Example 3.6.5: Bybxcdenote the largest integer less than or equal tox. Define f: [0,1]Rby



n=0 2 −n,

forx<1 and f(1) =3. It is left as an exercise to show that f is strictly increasing, bounded, and has a discontinuity at all points 1−1/kforkN. In particular, there are countably many discontinuities, but the function is bounded and defined on a closed bounded interval. See .

1.5 2 2.5 3

0 1

Figure 3.9:Increasing function with countably many discontinuities.

Similarly, one can find an example of a function discontinuous on a dense set such as the rational numbers. See the exercises.


Continuity of inverse functions

A strictly monotone function f is one-to-one (injective). To see this notice that ifx6=ythen we can assumex<y. Then either f(x)< f(y)if f is strictly increasing or f(x)> f(y)if f is strictly

decreasing, so f(x)6= f(y). Hence, it must have an inverse f−1defined on its range.

Proposition 3.6.6. If I R is an interval and f: I R is strictly monotone. Then the inverse f−1: f(I)I is continuous.

Proof. Let us suppose f is strictly increasing. The proof is almost identical for a strictly decreasing function. Since f is strictly increasing, so is f−1. That is, if f(x)< f(y), then we must havex<y and therefore f−1 f(x)

< f−1 f(y)


Takec f(I). Ifcis not a cluster point of f(I), then f−1is continuous atcautomatically. So letcbe a cluster point of f(I). Suppose both of the following one-sided limits exist:

x0:= lim y→c−f

−1(y) =sup{f−1(y):y<c,y f(I)}=sup{xI: f(x)<c}, x1:= lim


−1(y) =inf{f−1(y):y>c,y f(I)}=inf{xI: f(x)>c}.

We havex0≤x1as f−1is increasing. For allx>x0withx∈I, we have f(x)≥c. As f is strictly increasing, we must have f(x)>cfor allx>x0,xI. Therefore,

{x∈I:x>x0} ⊂ {x∈I: f(x)>c}.

The infimum of the left hand set is x0, and the infimum of the right hand set isx1, so we obtain x0≥x1. Sox1=x0, and f−1is continuous atc.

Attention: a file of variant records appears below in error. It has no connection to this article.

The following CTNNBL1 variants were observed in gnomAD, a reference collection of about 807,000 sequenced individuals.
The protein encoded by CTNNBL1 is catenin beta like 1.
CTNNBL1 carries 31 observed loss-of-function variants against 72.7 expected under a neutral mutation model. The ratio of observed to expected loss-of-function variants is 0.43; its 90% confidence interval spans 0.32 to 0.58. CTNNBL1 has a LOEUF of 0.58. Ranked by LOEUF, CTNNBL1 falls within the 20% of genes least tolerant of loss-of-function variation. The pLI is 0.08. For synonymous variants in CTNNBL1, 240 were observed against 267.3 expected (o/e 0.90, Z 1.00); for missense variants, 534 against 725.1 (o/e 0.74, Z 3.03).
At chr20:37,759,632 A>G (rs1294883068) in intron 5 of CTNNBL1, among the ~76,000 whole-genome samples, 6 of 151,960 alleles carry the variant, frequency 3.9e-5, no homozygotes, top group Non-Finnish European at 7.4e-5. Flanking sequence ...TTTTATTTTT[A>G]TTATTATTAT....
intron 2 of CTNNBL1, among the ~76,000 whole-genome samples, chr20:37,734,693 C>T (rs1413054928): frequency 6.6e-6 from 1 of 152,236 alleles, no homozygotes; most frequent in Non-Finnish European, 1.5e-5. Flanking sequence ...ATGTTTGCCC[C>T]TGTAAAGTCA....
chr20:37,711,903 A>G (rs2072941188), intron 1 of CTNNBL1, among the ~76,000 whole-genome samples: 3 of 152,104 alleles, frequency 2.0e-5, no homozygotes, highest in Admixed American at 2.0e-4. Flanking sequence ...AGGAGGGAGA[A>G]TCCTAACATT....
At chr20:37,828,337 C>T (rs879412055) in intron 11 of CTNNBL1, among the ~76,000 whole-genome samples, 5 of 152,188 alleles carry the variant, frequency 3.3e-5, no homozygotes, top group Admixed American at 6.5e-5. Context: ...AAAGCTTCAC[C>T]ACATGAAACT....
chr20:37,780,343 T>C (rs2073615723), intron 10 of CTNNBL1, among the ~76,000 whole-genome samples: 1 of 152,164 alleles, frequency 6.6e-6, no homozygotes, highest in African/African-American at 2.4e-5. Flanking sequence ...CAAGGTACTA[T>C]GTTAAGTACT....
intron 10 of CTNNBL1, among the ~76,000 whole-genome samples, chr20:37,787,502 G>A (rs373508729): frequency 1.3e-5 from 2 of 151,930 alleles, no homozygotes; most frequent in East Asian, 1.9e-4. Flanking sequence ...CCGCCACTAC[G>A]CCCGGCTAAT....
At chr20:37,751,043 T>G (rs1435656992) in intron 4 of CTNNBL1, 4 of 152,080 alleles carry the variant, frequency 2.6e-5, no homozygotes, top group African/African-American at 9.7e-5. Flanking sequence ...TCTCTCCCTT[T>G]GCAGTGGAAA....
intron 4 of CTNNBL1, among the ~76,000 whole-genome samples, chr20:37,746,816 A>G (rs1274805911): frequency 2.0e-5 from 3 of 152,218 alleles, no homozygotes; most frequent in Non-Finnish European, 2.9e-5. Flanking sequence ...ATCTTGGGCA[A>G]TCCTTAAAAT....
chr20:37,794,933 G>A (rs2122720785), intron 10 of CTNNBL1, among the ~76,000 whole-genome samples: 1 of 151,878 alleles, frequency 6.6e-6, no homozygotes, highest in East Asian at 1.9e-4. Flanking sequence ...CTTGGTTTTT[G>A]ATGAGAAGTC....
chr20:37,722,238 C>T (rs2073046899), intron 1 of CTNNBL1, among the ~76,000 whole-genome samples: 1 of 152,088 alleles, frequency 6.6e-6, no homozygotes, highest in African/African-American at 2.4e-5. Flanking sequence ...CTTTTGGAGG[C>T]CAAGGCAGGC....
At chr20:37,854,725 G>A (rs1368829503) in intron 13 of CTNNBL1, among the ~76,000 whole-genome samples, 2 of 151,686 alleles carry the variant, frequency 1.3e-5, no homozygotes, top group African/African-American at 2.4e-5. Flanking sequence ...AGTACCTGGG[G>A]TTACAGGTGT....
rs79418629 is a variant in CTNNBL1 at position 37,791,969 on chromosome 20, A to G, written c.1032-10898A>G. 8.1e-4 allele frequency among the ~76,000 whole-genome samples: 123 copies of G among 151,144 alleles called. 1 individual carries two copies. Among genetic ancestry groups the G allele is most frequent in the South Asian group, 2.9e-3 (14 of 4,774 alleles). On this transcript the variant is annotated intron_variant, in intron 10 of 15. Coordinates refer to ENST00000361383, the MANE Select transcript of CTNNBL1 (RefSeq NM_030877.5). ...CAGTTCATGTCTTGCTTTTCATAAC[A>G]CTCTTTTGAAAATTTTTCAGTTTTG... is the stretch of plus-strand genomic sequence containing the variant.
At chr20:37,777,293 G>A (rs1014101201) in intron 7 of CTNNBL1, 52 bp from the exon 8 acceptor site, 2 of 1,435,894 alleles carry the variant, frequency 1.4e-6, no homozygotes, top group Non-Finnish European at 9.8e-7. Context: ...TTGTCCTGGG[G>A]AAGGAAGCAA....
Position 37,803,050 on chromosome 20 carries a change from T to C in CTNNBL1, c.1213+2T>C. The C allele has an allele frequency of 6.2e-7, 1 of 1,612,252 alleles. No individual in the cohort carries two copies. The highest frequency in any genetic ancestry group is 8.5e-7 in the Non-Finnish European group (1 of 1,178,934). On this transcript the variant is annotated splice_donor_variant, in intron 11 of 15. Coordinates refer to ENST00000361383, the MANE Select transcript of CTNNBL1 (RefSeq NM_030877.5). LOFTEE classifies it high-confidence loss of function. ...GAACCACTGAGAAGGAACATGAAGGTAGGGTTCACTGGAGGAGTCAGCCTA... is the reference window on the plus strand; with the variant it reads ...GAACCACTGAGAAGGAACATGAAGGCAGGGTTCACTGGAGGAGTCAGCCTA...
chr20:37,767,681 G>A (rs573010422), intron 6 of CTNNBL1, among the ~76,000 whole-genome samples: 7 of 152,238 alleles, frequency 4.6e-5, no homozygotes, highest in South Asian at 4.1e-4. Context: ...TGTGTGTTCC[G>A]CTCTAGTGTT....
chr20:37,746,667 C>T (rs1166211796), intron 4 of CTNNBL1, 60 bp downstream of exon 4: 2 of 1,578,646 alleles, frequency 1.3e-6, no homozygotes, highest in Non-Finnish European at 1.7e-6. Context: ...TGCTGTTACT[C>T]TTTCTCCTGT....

If one of the one-sided limits does not exist the argument is similar and is left as an exercise. Example 3.6.7: The proposition does not require f itself to be continuous. For example, let

f: R→R



x ifx<0,

x+1 ifx0.

The function f is not continuous at 0. The image ofI=Ris the set(∞,0)[1,∞), not an interval. Then f−1: (,0)[1,) Rcan be written as f−1(y) = ( y ify<0, y1 ify1.

It is not difficult to see that f−1is a continuous function. See for the graphs.

Notice what happens with the proposition if f(I)is an interval. In that case we could simply apply to both f and f−1. That is, if f: IJis an onto strictly monotone function and I and J are intervals, then both f and f−1 are continuous. Furthermore f(I) is an interval precisely when f is continuous.



Exercise3.6.1: Suppose f:[0,1]Ris monotone. Prove f is bounded.

Exercise3.6.2: Finish the proof of . Hint: You can halve your work by noticing that if g is

decreasing then−g is increasing.

Exercise3.6.3: Finish the proof of . Exercise3.6.4: Prove the claims in . Exercise3.6.5: Finish the proof of .

Exercise3.6.6: Suppose SR, and f:S→Ris an increasing function. Prove:

a) If c is a cluster point of S∩(c,∞), then lim


b) If c is a cluster point of S∩(−∞,c)and lim

x→c−f(x) =∞, then S⊂(−∞,c).

Exercise3.6.7: Suppose I⊂Ris an interval and f:I→Ris a function such that for each c∈I, there exist

a,bRwith a>0such that f(x)≥ax+b for all x∈I and f(c) =ac+b. Show that f is strictly increasing. Exercise3.6.8: Suppose f:IJ is a continuous, bijective (one-to-one and onto) function for two intervals

I and J. Show that f is strictly monotone.

Exercise3.6.9: Consider a monotone function f:I→Ron an interval I. Prove that there exists a function

g: I→Rsuch that lim

x→c−g(x) =g(c) for all c∈I, except the smaller (left) endpoint of I, and such that

g(x) = f(x)for all but countably many x.


a) Let S⊂Rbe any subset. If f:S→Ris increasing and bounded, then show that there exists an increasing

F:R→Rsuch that f(x) =F(x)for all x∈S.

b) Find an example of a strictly increasing bounded f:S→Rsuch that an increasing F as above is never

strictly increasing.

Exercise3.6.11(Challenging): Find an example of an increasing function f:[0,1]Rthat has a disconti-

nuity at each rational number. Then show that the image f([0,1])contains no interval. Hint: Enumerate the rational numbers and define the function with a series.

Exercise3.6.12: Suppose I is an interval and f:I→Ris monotone. Show thatR\f(I) is a countable

union of disjoint intervals.

Exercise3.6.13: Suppose f: [0,1](0,1)is increasing. Show that for anyε >0, there exists a strictly increasing g:[0,1]→(0,1)such that g(0) =f(0), f(x)≤g(x)for all x, and g(1)−f(1)<ε.

Exercise3.6.14: Prove that the Dirichlet function f:[0,1]→Rdefined by f(x):=1if x is rational and

f(x):=0otherwise cannot be written as a difference of two increasing functions. That is, there do not exist

increasing g and h such that, f(x) =g(x)−h(x).

Exercise3.6.15: Suppose f:(a,b)→(c,d)is a strictly increasing onto function. Prove that there exists a